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Phenomenal Women: History’s Most Inspiring Female Authors

The opinions expressed in this article are the writer’s own and do not reflect the views of Her Campus.
This article is written by a student writer from the Her Campus at GCU chapter.

It’s officially March, which means it’s Women’s History Month. Now is the perfect time to celebrate and learn more about the amazing women from history. There are so many phenomenal women to recognize, but there is not enough space here to acknowledge everyone. To narrow down the list, here are seven female authors that are inspiring and who have helped change literature.

Murasaki Shikibu (978 – 1014)

Did you know that a woman wrote the first-ever novel? Murasaki Shikibu was a Japanese writer and a lady-in-waiting. Shikibu’s real name is unknown, but history has associated her as the author of the world’s oldest novel, Tales of the Genji. Written after the death of her husband, Tales of the Genji follows the life of Prince Genji, the emperor’s son. Shikibu’s novel gives readers an insight into what life was like during Japan’s Heian period, especially for women. 

Read more about Murasaki Shikibu.

Mary Wollstonecraft (1759 – 1797)

Mary Wollstonecraft was a well-known feminist political writer. She believed women shouldn’t be denied the opportunity to obtain a formal education. As a writer, she wrote many pamphlets and manifestos that fought for equal rights. Her most popular manifesto, A Vindication of the Rights of Woman, became an instant bestseller. Today, Wollstonecraft is recognized as one of the most impactful writers of the feminist movement.

Read more about Mary Wollstonecraft.

Jane Austen (1775 – 1817)

Probably the most beloved female writer, Jane Austen is a well-known romance author, literary genius, and early feminist. In Austen’s short life, she wrote six novels, including Emma, Pride and Prejudice, and Sense and Sensibility, which were initially published anonymously. While it has been 200 years since her death, people are still reading her books. Austen’s writing stands out because of her quick wit, social commentary, and ability to create complex and realistic characters and relationships. This was unheard of before Austen. Because of this, Austen’s impact on the literary world has inspired and paved the way for many future female writers.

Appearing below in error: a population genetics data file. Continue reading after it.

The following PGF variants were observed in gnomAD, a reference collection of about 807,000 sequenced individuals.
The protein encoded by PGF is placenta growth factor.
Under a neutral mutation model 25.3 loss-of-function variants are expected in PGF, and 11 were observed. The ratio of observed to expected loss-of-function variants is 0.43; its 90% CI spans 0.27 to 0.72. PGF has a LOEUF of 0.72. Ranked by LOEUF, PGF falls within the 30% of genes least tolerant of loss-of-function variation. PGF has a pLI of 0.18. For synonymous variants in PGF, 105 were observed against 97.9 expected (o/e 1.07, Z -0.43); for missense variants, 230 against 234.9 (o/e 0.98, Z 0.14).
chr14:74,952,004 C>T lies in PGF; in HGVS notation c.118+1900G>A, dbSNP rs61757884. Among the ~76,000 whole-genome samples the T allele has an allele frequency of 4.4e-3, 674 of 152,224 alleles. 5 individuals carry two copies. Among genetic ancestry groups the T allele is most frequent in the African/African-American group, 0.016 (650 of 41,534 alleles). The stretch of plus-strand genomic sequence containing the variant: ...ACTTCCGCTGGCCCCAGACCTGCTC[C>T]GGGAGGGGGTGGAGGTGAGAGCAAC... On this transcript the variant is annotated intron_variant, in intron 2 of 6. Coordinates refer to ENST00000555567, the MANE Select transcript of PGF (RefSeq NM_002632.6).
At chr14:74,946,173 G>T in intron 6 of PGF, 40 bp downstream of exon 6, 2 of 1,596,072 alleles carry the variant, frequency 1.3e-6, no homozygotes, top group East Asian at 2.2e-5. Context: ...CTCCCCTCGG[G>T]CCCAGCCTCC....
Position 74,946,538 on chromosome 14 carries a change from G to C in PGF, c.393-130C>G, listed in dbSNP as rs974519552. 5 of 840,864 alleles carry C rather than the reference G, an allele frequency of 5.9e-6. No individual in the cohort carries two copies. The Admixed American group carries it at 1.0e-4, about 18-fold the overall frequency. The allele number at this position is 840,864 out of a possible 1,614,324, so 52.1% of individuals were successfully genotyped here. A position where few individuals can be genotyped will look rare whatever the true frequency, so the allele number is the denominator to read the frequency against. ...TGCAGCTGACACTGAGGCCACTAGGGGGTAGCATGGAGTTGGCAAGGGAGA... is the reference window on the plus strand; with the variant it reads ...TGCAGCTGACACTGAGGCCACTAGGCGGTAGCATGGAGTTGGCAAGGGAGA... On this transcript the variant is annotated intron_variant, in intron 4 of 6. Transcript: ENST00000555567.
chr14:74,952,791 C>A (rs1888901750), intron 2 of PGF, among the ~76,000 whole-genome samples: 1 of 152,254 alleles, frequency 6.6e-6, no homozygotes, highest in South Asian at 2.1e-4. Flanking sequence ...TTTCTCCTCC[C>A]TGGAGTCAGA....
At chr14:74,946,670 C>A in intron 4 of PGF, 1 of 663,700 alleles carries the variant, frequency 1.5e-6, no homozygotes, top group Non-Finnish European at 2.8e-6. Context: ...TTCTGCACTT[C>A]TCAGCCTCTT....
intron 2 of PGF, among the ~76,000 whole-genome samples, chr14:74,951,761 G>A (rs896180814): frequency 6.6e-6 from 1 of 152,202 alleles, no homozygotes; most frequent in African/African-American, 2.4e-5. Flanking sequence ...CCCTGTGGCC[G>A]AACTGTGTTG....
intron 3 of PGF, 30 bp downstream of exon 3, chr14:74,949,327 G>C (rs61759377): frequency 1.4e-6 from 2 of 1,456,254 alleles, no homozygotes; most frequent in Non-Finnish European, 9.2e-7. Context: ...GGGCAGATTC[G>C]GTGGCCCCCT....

Read more about Jane Austen.

Mary Shelley (1797 – 1851)

Daughter of Mary Wollstonecraft, Mary Shelley followed in her mother’s footsteps and became the most well-known female Gothic writer today. At 18, Shelley wrote her famous book, Frankenstein, after winning a horror writing contest. Frankenstein tells the story of an ambitious scientist, Victor Frankenstein, who discovers the secret to creating life. With his knowledge, he creates a hideous creature, which causes his demise. With her work in Frankenstein, Shelley is credited as one of the earliest creators of the science fiction genre. 

Read more about Mary Shelley.

Anne Frank (1929 – 1945)

Annelies (Anne) Frank was a young 13-year-old Jewish girl who lived in Nazi-occupied Holland. When the Nazis invaded the Netherlands, the Frank family went into hiding for two years in the annex of her father’s business. During Anne’s time in hiding, she wrote in her diary about her life in “the secret annex.” She wrote about things like her fights with her mother, her first kiss, and the war. After the Nazis caught her family, the Frank family was sent to a concentration camp, where Anne, along with her mother and sister, died. Today, The Diary of a Young Girl is one of the world’s most-read books, and it has been translated into more than 65 languages.

Read more about Anne Frank.

Maya Angelou (1928 – 2014)

Originally, Marguerite Annie Johnson, Maya Angelou was an author, poet, screenwriter, and civil rights activist. Before becoming a writer, Angelou had a very difficult life. She was abused, lived in extreme poverty, and experienced racial prejudices and discrimination as a child. Because of her traumatic childhood, Angelou became mute for several years. Her past inspired her to write a book about herself titled I Know Why the Caged Bird Sings. Her memoir was immediately popular and remained on bestseller lists for two years. Through Angelou’s resilience and strength, she has inspired many people all over the globe. 

Read more about Maya Angelou.

Joy Harjo (1951 – Present)

Born in Tulsa, Oklahoma, Joy Harjo is a Native American poet, musician, author, and Native American activist. As a Muscogee (Creek) Nation member, many of her writings are inspired by her life and what life is like as a Native American woman. Her most famous poem is titled American Sunrise, which she published in 2019. Because of her work, Harjo became the first Native American Poet Laureate of the United States in 2019.

Read more about Joy Harjo.

Happy Women’s History Month!

Ireland has always loved words, telling stories and being creative. This is why she is majoring in Professional Writing with a minor in Advertising and Graphic Design at GCU. When she is not writing (which is rare), you can usually find her nose inside a book, crocheting, drinking chai tea lattes or spending time with her tight-knit family and her dog named Lilly.